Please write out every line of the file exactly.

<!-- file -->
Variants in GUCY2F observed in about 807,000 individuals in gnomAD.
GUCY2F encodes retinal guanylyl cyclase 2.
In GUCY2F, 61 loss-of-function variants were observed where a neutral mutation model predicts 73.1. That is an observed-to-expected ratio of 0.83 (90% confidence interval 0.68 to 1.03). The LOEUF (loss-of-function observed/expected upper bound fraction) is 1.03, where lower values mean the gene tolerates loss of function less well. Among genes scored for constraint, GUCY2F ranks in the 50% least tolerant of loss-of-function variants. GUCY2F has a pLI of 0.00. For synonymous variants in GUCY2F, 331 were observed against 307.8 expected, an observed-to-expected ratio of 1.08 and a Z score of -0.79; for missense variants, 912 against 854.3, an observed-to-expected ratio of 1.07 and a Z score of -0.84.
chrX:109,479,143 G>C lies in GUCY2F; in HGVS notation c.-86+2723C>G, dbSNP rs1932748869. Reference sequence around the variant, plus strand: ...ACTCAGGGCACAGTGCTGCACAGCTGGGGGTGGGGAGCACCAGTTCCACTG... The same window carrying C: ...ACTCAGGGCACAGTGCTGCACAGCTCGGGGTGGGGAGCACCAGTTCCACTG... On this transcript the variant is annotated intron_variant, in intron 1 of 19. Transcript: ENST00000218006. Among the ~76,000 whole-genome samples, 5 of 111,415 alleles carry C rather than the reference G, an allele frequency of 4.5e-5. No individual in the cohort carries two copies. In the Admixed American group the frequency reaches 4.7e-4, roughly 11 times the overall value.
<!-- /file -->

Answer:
Variants in GUCY2F observed in about 807,000 individuals in gnomAD.
GUCY2F encodes retinal guanylyl cyclase 2.
In GUCY2F, 61 loss-of-function variants were observed where a neutral mutation model predicts 73.1. That is an observed-to-expected ratio of 0.83 (90% confidence interval 0.68 to 1.03). The LOEUF (loss-of-function observed/expected upper bound fraction) is 1.03, where lower values mean the gene tolerates loss of function less well. Among genes scored for constraint, GUCY2F ranks in the 50% least tolerant of loss-of-function variants. GUCY2F has a pLI of 0.00. For synonymous variants in GUCY2F, 331 were observed against 307.8 expected, an observed-to-expected ratio of 1.08 and a Z score of -0.79; for missense variants, 912 against 854.3, an observed-to-expected ratio of 1.07 and a Z score of -0.84.
chrX:109,479,143 G>C lies in GUCY2F; in HGVS notation c.-86+2723C>G, dbSNP rs1932748869. Reference sequence around the variant, plus strand: ...ACTCAGGGCACAGTGCTGCACAGCTGGGGGTGGGGAGCACCAGTTCCACTG... The same window carrying C: ...ACTCAGGGCACAGTGCTGCACAGCTCGGGGTGGGGAGCACCAGTTCCACTG... On this transcript the variant is annotated intron_variant, in intron 1 of 19. Transcript: ENST00000218006. Among the ~76,000 whole-genome samples, 5 of 111,415 alleles carry C rather than the reference G, an allele frequency of 4.5e-5. No individual in the cohort carries two copies. In the Admixed American group the frequency reaches 4.7e-4, roughly 11 times the overall value.